Socialist gain may mean early Spanish election
Spain may have early national elections this fall instead of on the scheduled spring date.
There may also be a major reshuffling in the Cabinet of Leopoldo Calvo Sotelo's centrist government.
The reason is the Socialist Workers' Party's stunning victory in the May 23 regional Andalusian elections.
The Spanish Socialist Workers' Party (PSOE), with 52.59 percent of the vote, easily obtained an absolute majority in the Andalusian autonomous parliament. The assembly is composed of 109 representatives from eight provinces.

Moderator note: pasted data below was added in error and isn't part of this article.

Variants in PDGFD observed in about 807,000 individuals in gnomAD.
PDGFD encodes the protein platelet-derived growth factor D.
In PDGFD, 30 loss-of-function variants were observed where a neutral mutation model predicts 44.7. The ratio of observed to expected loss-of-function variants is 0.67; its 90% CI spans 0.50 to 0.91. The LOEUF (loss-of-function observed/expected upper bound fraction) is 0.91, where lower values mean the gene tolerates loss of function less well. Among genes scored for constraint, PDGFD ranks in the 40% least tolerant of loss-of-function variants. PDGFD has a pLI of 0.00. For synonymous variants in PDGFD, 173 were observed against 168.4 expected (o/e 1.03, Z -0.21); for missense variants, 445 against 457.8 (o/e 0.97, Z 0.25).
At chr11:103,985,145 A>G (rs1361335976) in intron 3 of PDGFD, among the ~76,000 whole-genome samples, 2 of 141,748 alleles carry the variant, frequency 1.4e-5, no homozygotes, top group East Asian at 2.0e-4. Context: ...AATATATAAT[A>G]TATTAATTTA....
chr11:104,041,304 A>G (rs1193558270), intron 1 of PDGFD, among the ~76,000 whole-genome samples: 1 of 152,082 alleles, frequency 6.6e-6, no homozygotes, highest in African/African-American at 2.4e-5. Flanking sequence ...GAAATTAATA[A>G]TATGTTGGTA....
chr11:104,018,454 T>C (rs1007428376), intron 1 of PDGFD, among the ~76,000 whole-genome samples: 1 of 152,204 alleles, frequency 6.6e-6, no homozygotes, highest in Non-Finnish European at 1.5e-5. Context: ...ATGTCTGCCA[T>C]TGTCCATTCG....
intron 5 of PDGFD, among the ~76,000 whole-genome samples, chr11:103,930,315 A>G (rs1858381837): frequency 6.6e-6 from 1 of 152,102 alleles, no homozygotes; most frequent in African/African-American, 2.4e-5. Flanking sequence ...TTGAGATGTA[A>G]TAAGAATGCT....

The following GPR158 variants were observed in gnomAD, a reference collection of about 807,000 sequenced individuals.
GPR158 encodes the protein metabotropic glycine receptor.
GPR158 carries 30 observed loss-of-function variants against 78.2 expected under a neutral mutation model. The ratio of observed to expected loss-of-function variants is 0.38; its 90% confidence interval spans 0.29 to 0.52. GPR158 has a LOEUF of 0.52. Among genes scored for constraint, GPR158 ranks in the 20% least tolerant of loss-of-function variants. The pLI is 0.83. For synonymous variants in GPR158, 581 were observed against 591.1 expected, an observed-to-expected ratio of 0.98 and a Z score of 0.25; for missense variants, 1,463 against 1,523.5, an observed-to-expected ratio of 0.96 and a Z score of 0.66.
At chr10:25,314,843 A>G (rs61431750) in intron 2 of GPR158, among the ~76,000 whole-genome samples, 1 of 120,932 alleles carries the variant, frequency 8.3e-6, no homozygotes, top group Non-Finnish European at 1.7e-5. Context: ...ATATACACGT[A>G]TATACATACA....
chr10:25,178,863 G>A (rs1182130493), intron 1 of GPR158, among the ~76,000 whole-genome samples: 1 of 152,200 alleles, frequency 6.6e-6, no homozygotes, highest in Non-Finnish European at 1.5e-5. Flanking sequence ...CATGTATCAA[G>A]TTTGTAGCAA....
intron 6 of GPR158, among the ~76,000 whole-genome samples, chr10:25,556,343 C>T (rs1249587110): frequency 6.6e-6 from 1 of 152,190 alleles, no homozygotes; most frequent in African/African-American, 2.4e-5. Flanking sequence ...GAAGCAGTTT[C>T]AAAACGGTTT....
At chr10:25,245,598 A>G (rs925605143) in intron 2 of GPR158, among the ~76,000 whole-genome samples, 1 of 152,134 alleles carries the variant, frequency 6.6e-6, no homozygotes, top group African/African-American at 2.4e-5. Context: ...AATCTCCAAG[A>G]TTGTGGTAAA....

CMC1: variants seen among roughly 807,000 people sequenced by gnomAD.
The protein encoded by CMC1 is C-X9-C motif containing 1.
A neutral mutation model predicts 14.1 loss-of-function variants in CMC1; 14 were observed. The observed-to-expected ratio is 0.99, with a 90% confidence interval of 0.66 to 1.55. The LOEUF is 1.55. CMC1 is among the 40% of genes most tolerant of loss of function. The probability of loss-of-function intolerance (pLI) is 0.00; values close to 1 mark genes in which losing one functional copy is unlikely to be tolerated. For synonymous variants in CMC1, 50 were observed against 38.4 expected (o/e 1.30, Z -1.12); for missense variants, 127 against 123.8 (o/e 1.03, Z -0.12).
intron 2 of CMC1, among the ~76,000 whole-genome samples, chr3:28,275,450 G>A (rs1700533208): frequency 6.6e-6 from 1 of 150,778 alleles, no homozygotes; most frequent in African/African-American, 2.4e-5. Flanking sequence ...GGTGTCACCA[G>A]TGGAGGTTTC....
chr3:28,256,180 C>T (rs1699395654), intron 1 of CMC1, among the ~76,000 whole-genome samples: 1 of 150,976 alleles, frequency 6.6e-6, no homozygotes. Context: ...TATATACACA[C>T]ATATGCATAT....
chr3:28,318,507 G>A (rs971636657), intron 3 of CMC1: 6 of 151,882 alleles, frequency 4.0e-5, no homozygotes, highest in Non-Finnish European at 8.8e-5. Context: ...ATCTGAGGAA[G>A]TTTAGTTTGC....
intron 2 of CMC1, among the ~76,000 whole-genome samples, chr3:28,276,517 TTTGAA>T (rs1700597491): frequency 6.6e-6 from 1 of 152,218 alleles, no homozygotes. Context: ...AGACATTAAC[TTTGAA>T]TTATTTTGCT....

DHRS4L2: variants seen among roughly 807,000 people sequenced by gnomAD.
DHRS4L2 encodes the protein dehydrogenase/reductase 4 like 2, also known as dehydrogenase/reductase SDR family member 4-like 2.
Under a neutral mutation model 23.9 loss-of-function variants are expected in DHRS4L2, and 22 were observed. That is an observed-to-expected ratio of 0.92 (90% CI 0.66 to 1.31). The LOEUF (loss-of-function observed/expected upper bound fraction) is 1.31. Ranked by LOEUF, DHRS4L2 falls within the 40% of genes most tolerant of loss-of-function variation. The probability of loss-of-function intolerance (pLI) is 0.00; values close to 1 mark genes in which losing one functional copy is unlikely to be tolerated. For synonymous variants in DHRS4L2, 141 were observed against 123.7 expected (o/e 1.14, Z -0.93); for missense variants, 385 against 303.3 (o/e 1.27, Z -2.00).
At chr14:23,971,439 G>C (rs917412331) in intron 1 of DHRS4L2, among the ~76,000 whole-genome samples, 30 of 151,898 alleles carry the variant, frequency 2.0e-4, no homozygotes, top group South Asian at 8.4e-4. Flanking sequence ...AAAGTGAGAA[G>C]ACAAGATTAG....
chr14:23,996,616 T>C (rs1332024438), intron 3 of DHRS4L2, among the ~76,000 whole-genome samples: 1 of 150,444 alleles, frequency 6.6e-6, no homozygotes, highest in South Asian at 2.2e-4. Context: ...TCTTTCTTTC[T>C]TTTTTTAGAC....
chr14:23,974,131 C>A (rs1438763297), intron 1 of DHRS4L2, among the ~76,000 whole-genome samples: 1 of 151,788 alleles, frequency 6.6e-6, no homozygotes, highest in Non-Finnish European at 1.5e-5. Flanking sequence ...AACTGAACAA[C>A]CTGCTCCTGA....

The government center party, Union of the Democratic Center (UCD) lost as dramatically as the Socialists won, losing votes to both the Socialists on the left and to the conservatives of Popular Alliance (AP) on the right. The AP's 17 percent of the vote gave it second place over the UCD which received only 13.02 percent of the vote.
The Communist Party was another loser in the regional elections, dropping from 13.35 percent of the vote in the 1979 national elections to a mere 8.49 percent.
But Socialist leaders have been cautious in predicting similar national results in coming elections. Andalusia has traditionally voted more to the left than other regions.